Canberra charity REACH for Nepal determined to make a difference
Advertisement

Canberra charity REACH for Nepal determined to make a difference

A Canberra charity set up in the wake of the 2015 earthquakes in Nepal is quietly kicking goals, raising money for much-needed restoration work and giving Australians the chance to work on local community projects from building libraries to installing water tanks.

Founded by Canberra trekking enthusiast and yoga teacher Lou Nulley and Nepalese-born Lachhu Thapa from The Hungry Buddha restaurants in Curtin and Belconnen, REACH for Nepal has also just finalised a sponsorship arrangement with Singapore Airlines to carry a limited amount of donated goods to Nepal for free when volunteers travel for a project.

Australians volunteering in Nepal thanks to Canberra charity REACH for Nepal.

Australians volunteering in Nepal thanks to Canberra charity REACH for Nepal.

The charity has also appointed 2016 Olympic gold medallist Kim Brennan as its first ambassador, a position she is "incredibly proud" to hold.

Entirely run by volunteers, REACH for Nepal's priority is supporting people in remote, isolated areas of Nepal who have not been reached by other agencies. The areas are often only accessible by foot.

Advertisement
Canberra friends Lachhu Thapa from The Hungry Buddha restaurants and yoga teacher Lou Nulley formed the Canberra charity Reach for Nepal in the wake of the 2015 earthquakes.

Canberra friends Lachhu Thapa from The Hungry Buddha restaurants and yoga teacher Lou Nulley formed the Canberra charity Reach for Nepal in the wake of the 2015 earthquakes.Credit:Karleen Minney

Anyone who participates in the trips treks for five days and spends three days working on a community project.

Each participant pays their own way and all money raised goes directly to projects for the Nepalese people. The trip participants are also asked to raise at least $250 to go towards a project.

On-the-ground work planned for this year includes building classrooms and helping with the production of school bags by people with disabilities in Nepal.

The homegrown charity answers the often hopeless question of "What can I do?" in the face of natural disaster and other tragedies a world away from Australia.

Canberra charity REACH for Nepal says the local people give more than they receive, showing gratitude for the projects helping to rebuild their lives.

Canberra charity REACH for Nepal says the local people give more than they receive, showing gratitude for the projects helping to rebuild their lives.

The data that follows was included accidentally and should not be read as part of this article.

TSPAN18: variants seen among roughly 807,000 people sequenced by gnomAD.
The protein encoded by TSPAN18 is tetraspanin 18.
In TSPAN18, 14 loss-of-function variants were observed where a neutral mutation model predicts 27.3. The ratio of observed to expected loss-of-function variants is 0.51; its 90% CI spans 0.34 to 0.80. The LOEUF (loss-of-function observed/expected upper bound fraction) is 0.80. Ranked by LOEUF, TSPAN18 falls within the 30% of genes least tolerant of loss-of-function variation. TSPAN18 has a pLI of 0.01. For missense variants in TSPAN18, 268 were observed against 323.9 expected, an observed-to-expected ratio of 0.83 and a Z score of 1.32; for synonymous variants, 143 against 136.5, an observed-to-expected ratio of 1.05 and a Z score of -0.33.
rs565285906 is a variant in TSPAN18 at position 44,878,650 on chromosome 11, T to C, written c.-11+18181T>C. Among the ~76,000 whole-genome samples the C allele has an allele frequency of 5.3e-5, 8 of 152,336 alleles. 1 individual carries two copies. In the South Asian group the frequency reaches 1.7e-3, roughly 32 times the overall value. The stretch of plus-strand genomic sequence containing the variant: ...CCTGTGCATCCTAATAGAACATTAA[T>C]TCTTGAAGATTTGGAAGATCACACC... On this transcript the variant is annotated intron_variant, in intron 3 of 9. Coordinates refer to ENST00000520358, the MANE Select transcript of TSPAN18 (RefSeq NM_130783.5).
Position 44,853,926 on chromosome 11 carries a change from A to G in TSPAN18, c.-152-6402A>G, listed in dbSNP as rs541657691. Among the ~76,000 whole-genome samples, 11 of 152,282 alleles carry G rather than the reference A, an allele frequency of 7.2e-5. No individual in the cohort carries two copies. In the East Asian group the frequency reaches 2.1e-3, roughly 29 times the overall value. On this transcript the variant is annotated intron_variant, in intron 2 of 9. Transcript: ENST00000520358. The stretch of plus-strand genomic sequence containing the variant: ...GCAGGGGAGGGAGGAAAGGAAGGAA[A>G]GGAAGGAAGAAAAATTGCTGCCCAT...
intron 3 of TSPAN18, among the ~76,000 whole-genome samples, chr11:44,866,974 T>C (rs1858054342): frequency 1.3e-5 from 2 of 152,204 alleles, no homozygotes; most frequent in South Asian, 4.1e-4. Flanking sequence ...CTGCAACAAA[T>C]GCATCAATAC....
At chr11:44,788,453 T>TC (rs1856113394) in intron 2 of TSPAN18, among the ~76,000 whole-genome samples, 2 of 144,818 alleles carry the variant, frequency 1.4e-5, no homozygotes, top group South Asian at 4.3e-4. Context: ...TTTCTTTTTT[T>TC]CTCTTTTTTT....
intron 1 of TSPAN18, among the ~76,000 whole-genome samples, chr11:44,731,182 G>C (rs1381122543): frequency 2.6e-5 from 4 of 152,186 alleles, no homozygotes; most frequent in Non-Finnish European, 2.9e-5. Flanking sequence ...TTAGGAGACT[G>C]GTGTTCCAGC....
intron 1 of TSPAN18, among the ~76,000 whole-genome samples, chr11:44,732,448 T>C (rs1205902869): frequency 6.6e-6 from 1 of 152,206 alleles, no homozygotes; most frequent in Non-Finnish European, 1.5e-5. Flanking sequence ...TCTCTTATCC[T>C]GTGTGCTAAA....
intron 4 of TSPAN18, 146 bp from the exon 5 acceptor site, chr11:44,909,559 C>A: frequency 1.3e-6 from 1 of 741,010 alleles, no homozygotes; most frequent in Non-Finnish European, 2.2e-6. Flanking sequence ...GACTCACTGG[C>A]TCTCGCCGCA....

Mr Nulley said no professional expertise was needed, with volunteers from Australia providing labour support to the locals on the project, such as moving bricks or sand.

"There are not too many things in life where you can make a real difference, but this is one of them," he said.

Supporters of Canberra charity REACH for Nepal also spend time with local children, including in the classroom.

Supporters of Canberra charity REACH for Nepal also spend time with local children, including in the classroom.

"It's a fairly intense eight-day period but the experience is so rewarding. The people there are so grateful for the work that we do."

Mr Thapa, who also has a trekking business, first met Mr Nulley in early 2015 when he wanted a yoga teacher to accompany one of his trips to Nepal. A few months later the devastating April 25 earthquake struck Nepal, killing nearly 9000 people, destroying communities and crippling the local tourism industry.

REACH for Nepal hires local labourers to direct the projects.

REACH for Nepal hires local labourers to direct the projects.

The two men had not only formed a friendship but harnessed a fierce desire to help the Nepalese people and make sure all money raised went directly to them.

Mr Nulley said nearly two years on, there was still much work to do, particularly in the remote areas.

REACH for Nepal ambassador Kim Brennan with co-founders Lou Nulley and .Lachhu Thapa and trek leader Raju Thapa.

REACH for Nepal ambassador Kim Brennan with co-founders Lou Nulley and .Lachhu Thapa and trek leader Raju Thapa.

Supporters don't have to go on the trips, they can also donate money direct to the cause or help in a variety of other ways.

But going to Nepal and seeing the work first-hand has had a remarkable impact on participants.

"Almost without exception, people describe it as a life-changing event," Mr Nulley said.

"Many say they wish they took their children over there so they would have a greater appreciation of how much they have here in Australia."

Megan Doherty is a reporter for The Canberra Times

Most Viewed in National

Loading
Advertisement